83. A Man's Work

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To see actual surprise on the rock-hard face of Mr Rikkard Ambrose would have been too much to hope for. But I had the satisfaction of seeing one of his eyelids twitch about half a millimetre when he caught sight of me.

"Mr Linton...!" he breathed.

Karim jumped back, uttering another incomprehensible curse.

"She really is Ifrit, Sahib! She can walk through walls and appear out of thin air!"

"Actually," I remarked, smiling at him, "I drove here in a cab. Sorry to disappoint you." My eyes flicked from Karim to Warren. Apparently, he was too startled to have noticed Karim's slip of referring to yours truly as "she." But really, it was not Warren's reaction to my appearance, or Karim's, that I was interested in. Slowly, my eyes drifted back to Mr Ambrose.

His face was still devoid of anything akin to emotion. But there was a muscle twitching in his chiselled jaw.

"A cab?" he said, as if it were the dirtiest of words.

"Yes, Sir."

"And this cab, I suppose, is not in the vicinity any more to take you right back to where you came from?"

"No, Sir."

"I didn't think so."

Stepping closer to me, he lowered his voice to a chilling whisper that only I could hear.

"I am not commonly given to expletives, Mr Linton, yet under the present circumstances I find myself justified in inquiring what the bloody hell you think you are doing here!"

"Coming with you," I said, cheerily, though the tone of his voice made my whole body quiver.

"Did I or did I not tell you to stay away from this, Mr Linton?"

"You did, Sir. But it is after hours. You cannot tell me what to do now."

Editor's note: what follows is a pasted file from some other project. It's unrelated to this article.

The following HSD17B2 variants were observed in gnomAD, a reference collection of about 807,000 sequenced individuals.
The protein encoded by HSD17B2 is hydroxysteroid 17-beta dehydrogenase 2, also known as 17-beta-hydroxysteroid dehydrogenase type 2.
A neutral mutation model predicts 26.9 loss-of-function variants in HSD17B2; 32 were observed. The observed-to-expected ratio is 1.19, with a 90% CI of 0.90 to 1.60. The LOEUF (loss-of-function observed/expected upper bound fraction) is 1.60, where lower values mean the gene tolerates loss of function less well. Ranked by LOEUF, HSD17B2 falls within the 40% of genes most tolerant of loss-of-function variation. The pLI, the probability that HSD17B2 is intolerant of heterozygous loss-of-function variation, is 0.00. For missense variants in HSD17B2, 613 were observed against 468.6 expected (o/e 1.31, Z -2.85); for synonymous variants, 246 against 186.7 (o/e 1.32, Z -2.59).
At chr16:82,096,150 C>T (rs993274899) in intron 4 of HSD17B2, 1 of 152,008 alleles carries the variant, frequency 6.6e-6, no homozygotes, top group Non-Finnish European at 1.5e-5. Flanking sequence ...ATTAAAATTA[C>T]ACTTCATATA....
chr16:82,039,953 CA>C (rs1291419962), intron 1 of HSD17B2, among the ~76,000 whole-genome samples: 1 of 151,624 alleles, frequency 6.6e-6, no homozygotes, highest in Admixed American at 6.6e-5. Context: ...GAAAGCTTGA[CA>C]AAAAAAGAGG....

Thunderclouds full of lightning flashed in his dark eyes.

"Did you or did you not hear what I discussed with Warren, Mr Linton?"

"Yes, Sir. I did."

"And? Well?"

"Well what, Sir?"

"Tonight's operation will be deadly dangerous. The moment we are spotted, we will be shot down like animals. Our corpses will be thrown from the docks and never again see the light of day!"

His words sent a cold shiver down my back. To die... to actually die. I had never contemplated it before. I was nineteen, still so young, and had hardly seen anything of the world. And I could die tonight, if I continued on this mad course. Why not turn back? Why not turn away from him, let him go alone? He surely wouldn't fault me for it.

"Never see the light of day again? My, my." I shook my head. "I'm sure that would worry me a lot, once I was dead. Terrible fate for a corpse."

What was I doing? This was no time for sarcasm? This was serious!

Yes, it is, a tiny voice in the back of my mind said. Deadly serious – which is exactly why you have to go with him.

"Never, ever joke in my presence again, Mr Linton," Mr Ambrose said in a voice that could have frozen an erupting volcano. "I do not appreciate it."

"Really? I would never have guessed."

"The same goes for flippancy, Mr Linton." He stepped forward until we were almost nose to chiselled chin. Damn, he was tall! "I meant what I said. This is dangerous." For a moment I saw a flash of something in his eyes which I think I was not supposed to see. Anxiety, maybe? For what? For the recovery of his lost file?

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